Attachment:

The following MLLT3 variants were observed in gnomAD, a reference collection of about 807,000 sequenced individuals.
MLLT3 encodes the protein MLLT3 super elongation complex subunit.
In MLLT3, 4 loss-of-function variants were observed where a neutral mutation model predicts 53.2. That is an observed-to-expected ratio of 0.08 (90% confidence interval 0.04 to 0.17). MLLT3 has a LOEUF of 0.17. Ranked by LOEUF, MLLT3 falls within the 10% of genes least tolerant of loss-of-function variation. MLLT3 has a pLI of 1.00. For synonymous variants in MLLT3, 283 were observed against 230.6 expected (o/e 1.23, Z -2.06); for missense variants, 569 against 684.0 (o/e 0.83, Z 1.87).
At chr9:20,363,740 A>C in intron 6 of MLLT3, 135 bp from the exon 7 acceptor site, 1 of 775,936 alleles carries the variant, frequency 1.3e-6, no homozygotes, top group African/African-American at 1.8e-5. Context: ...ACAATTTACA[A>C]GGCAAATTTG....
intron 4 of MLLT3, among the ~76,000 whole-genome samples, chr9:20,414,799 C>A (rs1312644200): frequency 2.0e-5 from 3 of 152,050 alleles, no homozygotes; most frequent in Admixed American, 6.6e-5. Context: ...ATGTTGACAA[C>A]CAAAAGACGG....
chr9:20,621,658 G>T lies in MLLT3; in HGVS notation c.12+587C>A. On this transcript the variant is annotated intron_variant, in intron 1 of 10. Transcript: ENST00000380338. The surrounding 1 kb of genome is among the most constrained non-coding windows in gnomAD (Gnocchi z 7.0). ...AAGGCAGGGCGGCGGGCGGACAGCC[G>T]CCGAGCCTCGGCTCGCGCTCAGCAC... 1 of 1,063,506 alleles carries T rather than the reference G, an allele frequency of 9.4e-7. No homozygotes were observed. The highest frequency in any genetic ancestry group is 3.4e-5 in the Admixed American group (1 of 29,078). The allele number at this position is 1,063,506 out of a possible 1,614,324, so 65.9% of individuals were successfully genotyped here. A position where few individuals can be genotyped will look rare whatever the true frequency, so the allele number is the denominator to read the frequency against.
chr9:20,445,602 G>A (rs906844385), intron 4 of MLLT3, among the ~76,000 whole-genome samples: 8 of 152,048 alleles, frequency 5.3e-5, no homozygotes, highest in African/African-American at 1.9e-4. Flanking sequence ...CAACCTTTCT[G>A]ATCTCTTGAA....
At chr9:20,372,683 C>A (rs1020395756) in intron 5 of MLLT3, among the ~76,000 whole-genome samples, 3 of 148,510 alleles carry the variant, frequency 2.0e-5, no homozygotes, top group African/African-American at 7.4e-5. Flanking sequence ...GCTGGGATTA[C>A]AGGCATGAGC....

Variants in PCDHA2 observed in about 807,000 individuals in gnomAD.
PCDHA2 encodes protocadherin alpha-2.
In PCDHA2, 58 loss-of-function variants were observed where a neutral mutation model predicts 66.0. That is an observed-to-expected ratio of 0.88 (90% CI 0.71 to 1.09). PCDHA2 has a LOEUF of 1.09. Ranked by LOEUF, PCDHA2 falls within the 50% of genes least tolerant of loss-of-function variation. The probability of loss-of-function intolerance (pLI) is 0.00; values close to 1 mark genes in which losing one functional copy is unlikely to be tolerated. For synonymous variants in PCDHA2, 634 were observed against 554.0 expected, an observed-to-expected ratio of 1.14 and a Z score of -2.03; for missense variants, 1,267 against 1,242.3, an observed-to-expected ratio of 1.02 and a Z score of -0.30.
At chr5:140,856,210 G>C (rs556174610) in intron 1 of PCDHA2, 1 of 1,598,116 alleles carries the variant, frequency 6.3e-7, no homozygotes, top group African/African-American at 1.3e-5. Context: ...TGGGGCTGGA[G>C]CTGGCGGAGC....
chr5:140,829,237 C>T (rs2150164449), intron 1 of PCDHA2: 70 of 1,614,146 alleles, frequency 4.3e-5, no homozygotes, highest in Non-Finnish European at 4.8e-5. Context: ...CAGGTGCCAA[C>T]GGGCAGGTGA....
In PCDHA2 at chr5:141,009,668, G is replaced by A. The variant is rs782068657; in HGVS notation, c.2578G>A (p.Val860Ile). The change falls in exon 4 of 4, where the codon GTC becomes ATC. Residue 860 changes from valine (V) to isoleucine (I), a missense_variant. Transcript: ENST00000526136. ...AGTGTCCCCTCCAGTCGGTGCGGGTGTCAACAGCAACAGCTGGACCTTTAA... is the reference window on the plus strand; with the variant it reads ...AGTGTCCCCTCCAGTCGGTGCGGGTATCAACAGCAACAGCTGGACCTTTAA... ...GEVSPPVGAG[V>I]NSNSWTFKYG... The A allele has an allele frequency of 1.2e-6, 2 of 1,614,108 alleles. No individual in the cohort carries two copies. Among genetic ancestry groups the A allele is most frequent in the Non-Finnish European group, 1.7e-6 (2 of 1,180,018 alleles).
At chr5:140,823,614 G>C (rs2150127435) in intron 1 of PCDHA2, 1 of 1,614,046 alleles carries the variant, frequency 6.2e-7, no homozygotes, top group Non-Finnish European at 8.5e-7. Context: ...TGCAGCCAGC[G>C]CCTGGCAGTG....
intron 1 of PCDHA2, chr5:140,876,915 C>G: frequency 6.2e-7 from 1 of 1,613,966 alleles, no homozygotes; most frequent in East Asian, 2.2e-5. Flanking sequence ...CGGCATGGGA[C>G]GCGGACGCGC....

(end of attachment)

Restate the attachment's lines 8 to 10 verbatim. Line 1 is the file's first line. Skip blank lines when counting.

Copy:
At chr9:20,372,683 C>A (rs1020395756) in intron 5 of MLLT3, among the ~76,000 whole-genome samples, 3 of 148,510 alleles carry the variant, frequency 2.0e-5, no homozygotes, top group African/African-American at 7.4e-5. Flanking sequence ...GCTGGGATTA[C>A]AGGCATGAGC....

Variants in PCDHA2 observed in about 807,000 individuals in gnomAD.
PCDHA2 encodes protocadherin alpha-2.